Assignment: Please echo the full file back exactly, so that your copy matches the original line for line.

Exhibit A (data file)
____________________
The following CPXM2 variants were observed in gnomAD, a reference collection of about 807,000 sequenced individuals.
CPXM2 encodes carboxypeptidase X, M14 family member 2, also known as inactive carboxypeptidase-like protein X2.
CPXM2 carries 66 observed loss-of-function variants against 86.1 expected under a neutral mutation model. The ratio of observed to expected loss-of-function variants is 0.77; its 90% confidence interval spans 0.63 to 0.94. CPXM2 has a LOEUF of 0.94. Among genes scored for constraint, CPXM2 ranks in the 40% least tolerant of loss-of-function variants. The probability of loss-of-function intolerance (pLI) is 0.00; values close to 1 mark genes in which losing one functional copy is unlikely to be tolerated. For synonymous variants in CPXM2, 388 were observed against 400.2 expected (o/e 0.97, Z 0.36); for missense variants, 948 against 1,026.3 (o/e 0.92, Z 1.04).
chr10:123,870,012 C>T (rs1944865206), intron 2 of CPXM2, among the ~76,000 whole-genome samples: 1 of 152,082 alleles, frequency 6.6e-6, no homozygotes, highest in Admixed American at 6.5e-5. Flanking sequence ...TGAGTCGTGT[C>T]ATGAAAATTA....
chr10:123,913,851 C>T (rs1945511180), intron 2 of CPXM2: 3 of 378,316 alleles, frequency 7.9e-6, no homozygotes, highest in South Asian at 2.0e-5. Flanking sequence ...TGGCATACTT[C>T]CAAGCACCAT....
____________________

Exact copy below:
The following CPXM2 variants were observed in gnomAD, a reference collection of about 807,000 sequenced individuals.
CPXM2 encodes carboxypeptidase X, M14 family member 2, also known as inactive carboxypeptidase-like protein X2.
CPXM2 carries 66 observed loss-of-function variants against 86.1 expected under a neutral mutation model. The ratio of observed to expected loss-of-function variants is 0.77; its 90% confidence interval spans 0.63 to 0.94. CPXM2 has a LOEUF of 0.94. Among genes scored for constraint, CPXM2 ranks in the 40% least tolerant of loss-of-function variants. The probability of loss-of-function intolerance (pLI) is 0.00; values close to 1 mark genes in which losing one functional copy is unlikely to be tolerated. For synonymous variants in CPXM2, 388 were observed against 400.2 expected (o/e 0.97, Z 0.36); for missense variants, 948 against 1,026.3 (o/e 0.92, Z 1.04).
chr10:123,870,012 C>T (rs1944865206), intron 2 of CPXM2, among the ~76,000 whole-genome samples: 1 of 152,082 alleles, frequency 6.6e-6, no homozygotes, highest in Admixed American at 6.5e-5. Flanking sequence ...TGAGTCGTGT[C>T]ATGAAAATTA....
chr10:123,913,851 C>T (rs1945511180), intron 2 of CPXM2: 3 of 378,316 alleles, frequency 7.9e-6, no homozygotes, highest in South Asian at 2.0e-5. Flanking sequence ...TGGCATACTT[C>T]CAAGCACCAT....